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I have been posting DUI checkpoint locations for over a couple of years now. It has become a very controversial topic. The posting for this last weekend brought me the first comments I have ever received regarding this issue. Being that it is so important, I’ve decided to come to you for your opinion, as it concerns all of us.

Dean asks, “Why is KCRW posting about this? Might have to rethink my subscription if they are going to support drunk driving…”

Hi Dean. Of course KCRW does not support drunk driving, nor do I.
I have been touched personally by the tragic consequences of such actions. I have a very good friend; I’ll call him Tim. Tim was involved in a drinking and driving accident over a decade ago. Tim was in a coma for months. It was a miracle when he finally woke up. Tim’s prognosis wasn’t good. He would be a quadriplegic for life and suffered serious brain damage. He has worked very hard over the years and has regained some use of his arms. His brain function also has improved beyond all expectations. The driver of the car, Tim’s friend, was killed instantly. They weren’t even drunk, but they were buzzed. Hence the phrase “buzzed driving is drunk driving”, I believe to be true.

Initially I started posting DUI checkpoints because CHP and the LAPD released the locations of their checkpoints to the press. They encouraged us to publish and spread the word. The thought being if people knew that they were out in force it would discourage people from drinking and driving.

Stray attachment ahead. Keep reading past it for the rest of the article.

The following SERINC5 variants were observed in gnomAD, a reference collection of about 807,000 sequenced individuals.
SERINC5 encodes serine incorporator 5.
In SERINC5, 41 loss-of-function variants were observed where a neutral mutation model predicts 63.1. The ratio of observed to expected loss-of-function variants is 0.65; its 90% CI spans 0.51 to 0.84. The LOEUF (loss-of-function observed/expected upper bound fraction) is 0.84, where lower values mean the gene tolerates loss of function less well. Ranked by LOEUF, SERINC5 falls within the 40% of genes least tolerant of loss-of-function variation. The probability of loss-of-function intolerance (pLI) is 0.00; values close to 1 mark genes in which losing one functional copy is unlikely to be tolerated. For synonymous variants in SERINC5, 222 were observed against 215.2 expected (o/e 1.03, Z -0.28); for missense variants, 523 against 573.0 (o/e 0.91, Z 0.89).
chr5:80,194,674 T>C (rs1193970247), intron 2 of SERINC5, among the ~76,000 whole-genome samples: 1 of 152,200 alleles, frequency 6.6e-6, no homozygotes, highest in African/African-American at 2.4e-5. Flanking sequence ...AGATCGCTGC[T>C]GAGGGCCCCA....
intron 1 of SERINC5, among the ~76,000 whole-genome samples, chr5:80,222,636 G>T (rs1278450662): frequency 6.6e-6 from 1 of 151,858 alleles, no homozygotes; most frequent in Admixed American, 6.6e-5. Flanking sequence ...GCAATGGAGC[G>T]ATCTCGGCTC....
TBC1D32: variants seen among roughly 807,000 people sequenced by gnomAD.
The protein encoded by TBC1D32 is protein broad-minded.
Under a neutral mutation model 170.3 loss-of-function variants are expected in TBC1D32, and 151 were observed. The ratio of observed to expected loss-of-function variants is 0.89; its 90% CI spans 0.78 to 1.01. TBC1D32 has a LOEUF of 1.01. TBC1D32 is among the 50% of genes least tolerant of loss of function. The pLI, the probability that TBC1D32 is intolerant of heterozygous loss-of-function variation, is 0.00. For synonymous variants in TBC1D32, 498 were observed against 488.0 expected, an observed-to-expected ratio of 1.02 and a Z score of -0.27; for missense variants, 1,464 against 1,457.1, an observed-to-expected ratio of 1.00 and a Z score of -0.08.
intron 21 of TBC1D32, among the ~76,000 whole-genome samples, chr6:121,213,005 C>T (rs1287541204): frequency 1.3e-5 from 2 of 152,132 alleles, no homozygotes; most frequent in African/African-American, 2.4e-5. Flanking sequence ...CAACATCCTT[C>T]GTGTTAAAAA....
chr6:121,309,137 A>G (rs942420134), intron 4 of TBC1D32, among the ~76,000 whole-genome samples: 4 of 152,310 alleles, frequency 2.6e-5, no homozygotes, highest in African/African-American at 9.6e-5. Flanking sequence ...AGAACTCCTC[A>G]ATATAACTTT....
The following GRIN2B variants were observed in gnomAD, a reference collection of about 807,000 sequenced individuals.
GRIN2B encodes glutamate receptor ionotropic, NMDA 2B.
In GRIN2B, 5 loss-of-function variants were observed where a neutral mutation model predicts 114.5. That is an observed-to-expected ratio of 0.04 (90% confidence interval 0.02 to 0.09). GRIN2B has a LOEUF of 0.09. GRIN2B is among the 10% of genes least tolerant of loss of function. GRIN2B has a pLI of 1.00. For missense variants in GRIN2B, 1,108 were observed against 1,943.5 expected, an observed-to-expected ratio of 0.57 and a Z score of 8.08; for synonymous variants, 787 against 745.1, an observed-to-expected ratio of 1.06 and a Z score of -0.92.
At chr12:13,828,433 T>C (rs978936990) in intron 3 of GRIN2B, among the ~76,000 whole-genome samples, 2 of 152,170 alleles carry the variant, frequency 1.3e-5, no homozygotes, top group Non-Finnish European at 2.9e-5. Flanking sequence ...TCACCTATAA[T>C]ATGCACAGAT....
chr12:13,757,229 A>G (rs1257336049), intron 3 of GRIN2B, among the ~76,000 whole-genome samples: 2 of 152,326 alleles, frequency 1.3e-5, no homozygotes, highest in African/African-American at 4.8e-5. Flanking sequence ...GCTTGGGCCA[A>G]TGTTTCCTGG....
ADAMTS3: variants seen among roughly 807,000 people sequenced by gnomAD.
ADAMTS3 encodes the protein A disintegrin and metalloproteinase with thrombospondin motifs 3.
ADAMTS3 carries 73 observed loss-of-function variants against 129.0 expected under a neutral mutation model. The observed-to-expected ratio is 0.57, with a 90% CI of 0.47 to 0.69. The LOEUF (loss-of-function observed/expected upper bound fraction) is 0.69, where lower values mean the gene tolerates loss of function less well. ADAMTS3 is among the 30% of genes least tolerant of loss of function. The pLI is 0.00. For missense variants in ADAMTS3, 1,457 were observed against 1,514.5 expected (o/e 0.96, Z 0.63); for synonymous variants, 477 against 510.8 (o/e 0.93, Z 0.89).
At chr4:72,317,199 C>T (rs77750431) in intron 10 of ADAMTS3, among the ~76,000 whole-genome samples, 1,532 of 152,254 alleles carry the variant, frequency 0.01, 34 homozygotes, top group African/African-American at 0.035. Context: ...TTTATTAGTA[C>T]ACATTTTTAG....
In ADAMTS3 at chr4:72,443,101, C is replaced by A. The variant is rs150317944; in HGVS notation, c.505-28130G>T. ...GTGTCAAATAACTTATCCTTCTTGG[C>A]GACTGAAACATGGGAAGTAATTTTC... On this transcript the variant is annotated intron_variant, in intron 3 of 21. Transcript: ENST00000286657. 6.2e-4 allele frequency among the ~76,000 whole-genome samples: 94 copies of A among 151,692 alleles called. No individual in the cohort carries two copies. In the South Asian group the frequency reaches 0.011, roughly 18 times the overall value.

A comprehensive study by the Centers for Disease Control and Prevention found, that when well-publicized sobriety checkpoints were conducted, alcohol-related crashes and fatalities decreased by more than 20 percent.
“Sobriety checkpoints are one of the most critical tools available for law enforcement to deter drunk driving,” said Mary Klotzbach, public policy liaison for MADD California. “Sobriety checkpoints send a message that if a motorist chooses to drive drunk, he or she will get caught.”

And from a traffic perspective, there can be a line of cars at a stand still for blocks and blocks. Which in turn affects traffic on the surrounding surface streets. Even the freeways can start backing up as some checkpoints have been stationed on streets just off an exit ramp.

That said, there is a new trend developing, and they (law enforcement) may be changing their position – though no official word has been said. They are posting specific locations less and less, and giving general areas instead. Some of the press are now only posting what officials provide. Others get information from not only officials, but other sources as well. Such as the drivers that are sitting in one of those DUI lines. And others wanting to avoid the whole controversy have stopped reporting the information all together.

It definitely has become a controversial topic. Especially after several senators -U.S.Senators Harry Reid (D-Nev.), Charles E. Schumer (D-N.Y.), Frank Lautenberg (D-N.J.) and Tom Udall (D-N.M.)  tried and succeeded in stopping some apps, not all that listed DUI locations.

I too have wondered about posting such information. I am open, and really would love to hear your thoughts and those of all of my readers on this.

I will re-post this, so that it doesn’t slip through the cracks, and hopefully more people will see it and weigh in. The information “…that alcohol-related crashes and fatalities decreased by more than 20 percent”  is the reason I still post DUI checkpoints.

Thank you for your question Dean. It is an important one – a very serious issue that I don’t take lightly.

So I ask you, do you think DUI locations should be reported?


related story:
Dui Deaths Are At An All Time Low